RIT names alumnus Orlando Ortiz the 2020-2021 Minett Professor

Manufacturing businessman and avid community volunteer becomes the 29th person to serve

Orlando Ortiz ’04 (manufacturing engineering technology), ’08 (MBA) has been appointed RIT’s 2020-2021 Frederick H. Minett Professor.

Rochester Institute of Technology’s newest Frederick H. Minett Professor is an engaged alumnus, successful professional in the manufacturing industry, and highly active community volunteer. Orlando Ortiz ’04 (manufacturing engineering technology), ’08 (MBA) is the 29th person appointed to the prestigious position, established in 1991.

The Minett Professorship brings distinguished Rochester-area multicultural professionals to RIT to share their professional knowledge and experience with RIT’s students, faculty, and staff for one academic year. The professorship emphasizes the connections between education and industry, and also highlights the value of diversity. Minett Professors are selected by the Minett Professors Emeritus, then appointed by RIT President David Munson and Keith Jenkins, RIT’s vice president and associate provost for Diversity and Inclusion.

“We are delighted to welcome such an accomplished and active alumnus to serve in this role,” said Jenkins. “Orlando Ortiz continually gives back to the RIT community, and we are excited to have him in this capacity where he will be able to expand on that close relationship even further.”

Ortiz has worked in the manufacturing industry since 1998 and has served as a manufacturing manager with The Gleason Works for the past seven years. As an RIT student, he became heavily involved in community service and many clubs and organizations on campus. While at RIT, he joined Latino America Unida, Lambda Alpha Upsilon Fraternity Inc. and currently serves as the alumni advisor to the local chapter. Through the fraternity, he began volunteering for the Puerto Rican Festival, and has now served as a board member for 15 years as its volunteer coordinator, treasurer, and for the past 11 years, as its president. He also serves on the board of Foodlink, as board chair of The Housing Council, vice-chair of the board for Pathstone, and as secretary on the board of the RIT Alumni Association. In 2019, Ortiz was named Hispanic Businessperson of the year by the Rochester Hispanic Business Association.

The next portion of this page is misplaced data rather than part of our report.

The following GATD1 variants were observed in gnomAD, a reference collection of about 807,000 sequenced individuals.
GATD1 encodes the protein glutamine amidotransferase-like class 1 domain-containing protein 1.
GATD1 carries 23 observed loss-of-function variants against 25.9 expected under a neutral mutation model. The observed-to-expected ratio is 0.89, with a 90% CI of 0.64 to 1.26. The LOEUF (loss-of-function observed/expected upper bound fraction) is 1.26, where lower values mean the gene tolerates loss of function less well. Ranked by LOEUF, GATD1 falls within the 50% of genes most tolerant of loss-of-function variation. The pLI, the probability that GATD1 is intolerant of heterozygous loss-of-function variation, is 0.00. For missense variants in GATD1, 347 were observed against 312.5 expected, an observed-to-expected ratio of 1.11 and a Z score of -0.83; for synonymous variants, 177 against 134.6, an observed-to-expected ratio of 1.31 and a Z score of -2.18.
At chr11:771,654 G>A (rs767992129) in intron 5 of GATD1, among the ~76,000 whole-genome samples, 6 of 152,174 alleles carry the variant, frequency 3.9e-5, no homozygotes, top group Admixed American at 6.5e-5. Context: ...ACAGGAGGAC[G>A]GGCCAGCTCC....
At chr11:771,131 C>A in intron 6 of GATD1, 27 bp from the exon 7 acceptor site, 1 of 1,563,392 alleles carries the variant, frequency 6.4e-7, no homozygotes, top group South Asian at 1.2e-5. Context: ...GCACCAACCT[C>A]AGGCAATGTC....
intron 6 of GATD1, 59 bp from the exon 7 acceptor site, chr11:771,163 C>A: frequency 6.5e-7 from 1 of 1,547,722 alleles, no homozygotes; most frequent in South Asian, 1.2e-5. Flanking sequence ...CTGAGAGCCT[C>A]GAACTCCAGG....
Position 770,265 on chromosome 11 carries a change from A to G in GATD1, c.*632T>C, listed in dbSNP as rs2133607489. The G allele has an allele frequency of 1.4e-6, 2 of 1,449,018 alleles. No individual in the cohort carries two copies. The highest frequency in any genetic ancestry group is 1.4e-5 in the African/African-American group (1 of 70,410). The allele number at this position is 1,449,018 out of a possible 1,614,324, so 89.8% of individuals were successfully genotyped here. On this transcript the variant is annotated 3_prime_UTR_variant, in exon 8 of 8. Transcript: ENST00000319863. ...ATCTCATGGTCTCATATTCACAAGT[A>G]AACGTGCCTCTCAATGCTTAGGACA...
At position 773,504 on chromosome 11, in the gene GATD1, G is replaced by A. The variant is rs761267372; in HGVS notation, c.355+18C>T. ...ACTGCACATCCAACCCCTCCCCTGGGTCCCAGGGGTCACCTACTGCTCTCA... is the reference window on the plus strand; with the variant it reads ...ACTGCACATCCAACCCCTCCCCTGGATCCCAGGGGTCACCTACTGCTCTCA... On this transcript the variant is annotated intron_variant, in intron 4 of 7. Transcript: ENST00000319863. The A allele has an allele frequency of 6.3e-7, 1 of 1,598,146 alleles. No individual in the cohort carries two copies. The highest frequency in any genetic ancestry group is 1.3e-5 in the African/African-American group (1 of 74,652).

Ortiz said that he has several initiatives he wants to focus on as Minett Professor, including strengthening RIT’s ties to the nonprofit organizations he is involved with, such as Foodlink and PathStone. He also wants to use his experience in the manufacturing industry to expose more underrepresented minority students to career opportunities in the field, encourage student involvement in clubs and organizations, and increase the Rochester community’s awareness of the Destler/Johnson Rochester City Scholars program. Ortiz was part of the RIT Strategic Plan steering committee in 2014 and said he sees joining the ranks of the Minett Professors gives him a unique opportunity to help see that plan through.

“It’s an honor to be a part of this group,” said Ortiz. “As an RIT alum, it’s even more gratifying for me because it presents another opportunity for me to connect the various ‘hats’ I wear daily. I want to make sure I move the needle and leave my mark not only on the strategic plan creation, but now actually being a part of executing it and making an impact with students. It’s nice to come full circle.”

Ortiz succeeds longtime Urban League of Rochester leader William Clark, who served as Minett Professor from 2019-2020. Others who have served in the position include many of Rochester’s most prominent business, academic, medical, and law enforcement professionals.

The professorship is named after one of RIT’s early benefactors, Frederick Minett, who started a tool and die company on Water Street in downtown Rochester in the early 1920s. He was familiar with RIT, formerly called the Mechanics Institute, and employed some students. Minett died in 1971, leaving more than $5 million endowment to RIT. Originally divided between RIT’s College of Continuing Education and the general endowment, the bequest was intended to support Minett’s and RIT’s vision of career education.

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